By: Michael W. Miller, DVM
I bet you thought this would be structured in a “Top 5 Tips” format. So did I, initially. I’ve been planning to write something with this title for a while and had a general idea partially formulated … until two of my staff showed me the single best way to lead our team even though they were not the boss. And since I’m the Harry Potter Vet, I’m going to tell their story by comparing their unexpected leadership to Fred and George. Yep, that Fred and George. (Not where you thought this title would lead, was it?)
In the wizarding world, Fred and George were two Gryffindors who many wouldn’t consider traditionally great leaders. But remember, they eventually led the successful Weasley’s Wizard Wheezes business during a very difficult time. But even before that, throughout their time at Hogwarts they managed lots of mischief through focusing on jokes and pranks that lightened the mood when it was needed the most. Even though they weren’t in charge, they still managed to create a fun atmosphere for their fellow Gryffindors.
Recently, my “Fred and George” helped me through a rough day. My morning was full of minor but frustrating break downs. First, the new blood machine wouldn’t work. Then it was a printer. After two more equipment malfunctions, my pen even decided to stop writing. By the afternoon, when I was presented with a sick patient who wasn’t responding to my previous treatments, I was depressed. My mood had hit rock bottom. I just wanted to go home, but I still had several more hours of patients to see. How was I going to make it through?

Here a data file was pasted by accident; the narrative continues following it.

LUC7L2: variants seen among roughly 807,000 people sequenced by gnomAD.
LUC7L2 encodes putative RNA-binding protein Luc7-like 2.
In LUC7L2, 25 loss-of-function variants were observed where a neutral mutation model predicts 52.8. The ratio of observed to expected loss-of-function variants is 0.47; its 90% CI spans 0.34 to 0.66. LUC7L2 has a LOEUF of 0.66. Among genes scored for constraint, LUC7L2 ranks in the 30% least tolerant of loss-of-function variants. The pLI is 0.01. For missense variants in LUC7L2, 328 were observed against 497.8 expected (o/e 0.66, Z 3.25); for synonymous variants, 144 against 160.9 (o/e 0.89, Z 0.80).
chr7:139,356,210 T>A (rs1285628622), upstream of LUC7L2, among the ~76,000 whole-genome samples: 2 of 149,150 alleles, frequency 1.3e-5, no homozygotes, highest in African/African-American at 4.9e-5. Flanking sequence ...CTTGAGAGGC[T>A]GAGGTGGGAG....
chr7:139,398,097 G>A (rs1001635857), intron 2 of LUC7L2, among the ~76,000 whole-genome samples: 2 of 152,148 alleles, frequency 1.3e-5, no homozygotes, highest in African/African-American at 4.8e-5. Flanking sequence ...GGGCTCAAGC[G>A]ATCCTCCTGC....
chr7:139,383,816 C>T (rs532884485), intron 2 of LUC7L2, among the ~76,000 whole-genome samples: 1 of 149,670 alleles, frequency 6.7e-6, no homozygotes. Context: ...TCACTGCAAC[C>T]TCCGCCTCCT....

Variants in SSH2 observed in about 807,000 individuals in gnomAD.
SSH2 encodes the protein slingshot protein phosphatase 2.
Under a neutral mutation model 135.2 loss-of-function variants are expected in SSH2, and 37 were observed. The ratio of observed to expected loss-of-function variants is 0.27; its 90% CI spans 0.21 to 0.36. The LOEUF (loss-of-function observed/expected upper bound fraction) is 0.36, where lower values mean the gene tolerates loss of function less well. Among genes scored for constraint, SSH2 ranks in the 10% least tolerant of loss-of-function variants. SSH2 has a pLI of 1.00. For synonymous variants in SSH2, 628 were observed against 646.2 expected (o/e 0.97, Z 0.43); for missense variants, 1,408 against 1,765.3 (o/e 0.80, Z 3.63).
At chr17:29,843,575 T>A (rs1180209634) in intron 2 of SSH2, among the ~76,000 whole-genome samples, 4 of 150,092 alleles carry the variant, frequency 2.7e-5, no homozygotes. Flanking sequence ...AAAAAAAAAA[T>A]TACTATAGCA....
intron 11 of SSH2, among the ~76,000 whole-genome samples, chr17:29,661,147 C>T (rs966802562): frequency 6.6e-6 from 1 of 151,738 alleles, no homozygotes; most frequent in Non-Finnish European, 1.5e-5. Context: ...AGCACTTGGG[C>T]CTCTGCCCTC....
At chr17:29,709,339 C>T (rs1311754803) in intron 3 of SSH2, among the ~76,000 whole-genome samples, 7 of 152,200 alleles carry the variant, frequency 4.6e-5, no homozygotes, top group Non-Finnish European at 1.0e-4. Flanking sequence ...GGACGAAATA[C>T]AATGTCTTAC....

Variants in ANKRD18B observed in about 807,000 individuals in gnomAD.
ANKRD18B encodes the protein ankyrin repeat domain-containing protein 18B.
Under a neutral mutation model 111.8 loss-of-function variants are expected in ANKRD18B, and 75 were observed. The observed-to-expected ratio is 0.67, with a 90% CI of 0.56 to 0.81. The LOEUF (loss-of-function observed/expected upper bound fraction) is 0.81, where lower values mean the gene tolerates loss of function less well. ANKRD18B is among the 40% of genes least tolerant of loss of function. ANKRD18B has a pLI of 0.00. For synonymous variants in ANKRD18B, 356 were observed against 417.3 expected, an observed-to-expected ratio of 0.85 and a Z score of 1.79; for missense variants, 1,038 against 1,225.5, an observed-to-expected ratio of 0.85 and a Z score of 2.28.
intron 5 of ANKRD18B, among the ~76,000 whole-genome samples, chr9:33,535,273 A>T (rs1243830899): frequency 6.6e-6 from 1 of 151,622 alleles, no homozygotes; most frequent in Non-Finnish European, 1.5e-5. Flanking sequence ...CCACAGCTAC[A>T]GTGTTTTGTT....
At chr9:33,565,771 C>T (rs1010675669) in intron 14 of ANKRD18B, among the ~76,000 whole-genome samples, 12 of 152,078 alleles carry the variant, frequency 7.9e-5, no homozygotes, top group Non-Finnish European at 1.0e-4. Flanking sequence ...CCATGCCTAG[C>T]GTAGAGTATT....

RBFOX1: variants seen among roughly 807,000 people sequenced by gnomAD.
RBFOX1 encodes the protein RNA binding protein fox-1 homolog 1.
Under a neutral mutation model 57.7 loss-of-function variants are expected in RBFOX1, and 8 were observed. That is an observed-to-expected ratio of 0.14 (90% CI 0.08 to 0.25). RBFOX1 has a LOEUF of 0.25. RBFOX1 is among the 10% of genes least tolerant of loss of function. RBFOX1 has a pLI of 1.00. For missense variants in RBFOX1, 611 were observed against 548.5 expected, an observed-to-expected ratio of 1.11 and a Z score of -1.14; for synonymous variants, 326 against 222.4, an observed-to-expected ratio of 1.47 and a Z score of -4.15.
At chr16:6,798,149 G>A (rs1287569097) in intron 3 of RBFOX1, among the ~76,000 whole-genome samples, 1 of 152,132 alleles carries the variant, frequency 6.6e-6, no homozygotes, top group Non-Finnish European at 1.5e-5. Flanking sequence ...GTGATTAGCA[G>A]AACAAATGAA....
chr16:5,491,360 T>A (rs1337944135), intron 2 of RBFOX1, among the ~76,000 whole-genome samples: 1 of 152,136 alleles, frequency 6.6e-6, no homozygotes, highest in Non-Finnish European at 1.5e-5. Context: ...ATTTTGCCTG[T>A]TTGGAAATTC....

Cue Fred and George!
My two technicians, despite my obvious poor mood, stayed positive. They cracked little jokes between patients. The clock in the lab hallway suddenly had a pair of cat ears taped to it… and then a bowtie. My grumpy façade started to crumble. By the time the clock also had a dog muzzle with a tongue sticking out, I began to smile. These two vet techs had managed to completely flip my mood, and the environment of the entire hospital. It was pretty magical. And, it demonstrated amazing leadership.
Veterinary medicine can be very serious at times, and sometimes it should be. But, working in vet med doesn’t mean you have to be serious and somber all the time. Sometimes we need to find the fun. Joking around can be okay at a vet hospital. Humor can be a great way to stay positive to help survive the day. Even areas of vet med that seem inherently depressing can be comedic. I have witnessed wonderful oncologists and emergency vet techs find the funny. It is possible. Maybe it’s even more important to focus on the moments that make you laugh when you work in that setting.
But, please be careful. Fred and George were always getting into minor trouble at Hogwarts, but they knew where to draw the line. Avoid the veterinary dark magic. Humor at work can easily backfire. Time and place and audience are all extremely important. Obviously, never joke around in a way that can compromise patient safety. Also, make sure you respect that everyone’s sense of humor is not the same. If you are lucky enough to have a wonderful work culture, you will understand what can brighten your co-worker’s day versus what would be considered inappropriate. Especially if you are new to the team, tread lightly until you’ve integrated into the group. Some people might not find the Ten-Tongue Toffees hilarious, and it’s not worth becoming the hospital outcast – or getting fired – over a miscalculated joke.
The Weasley twins are not typical leadership role models. However, on our journey to find the magic in veterinary medicine, we may have to look beyond the expected. An old boot may be a portkey. A locket can be a Horcrux. Jokesters can be integral to changing the mood at your workplace. Spreading laughter can be one of the magical ways to be an effective leader when you’re not in charge.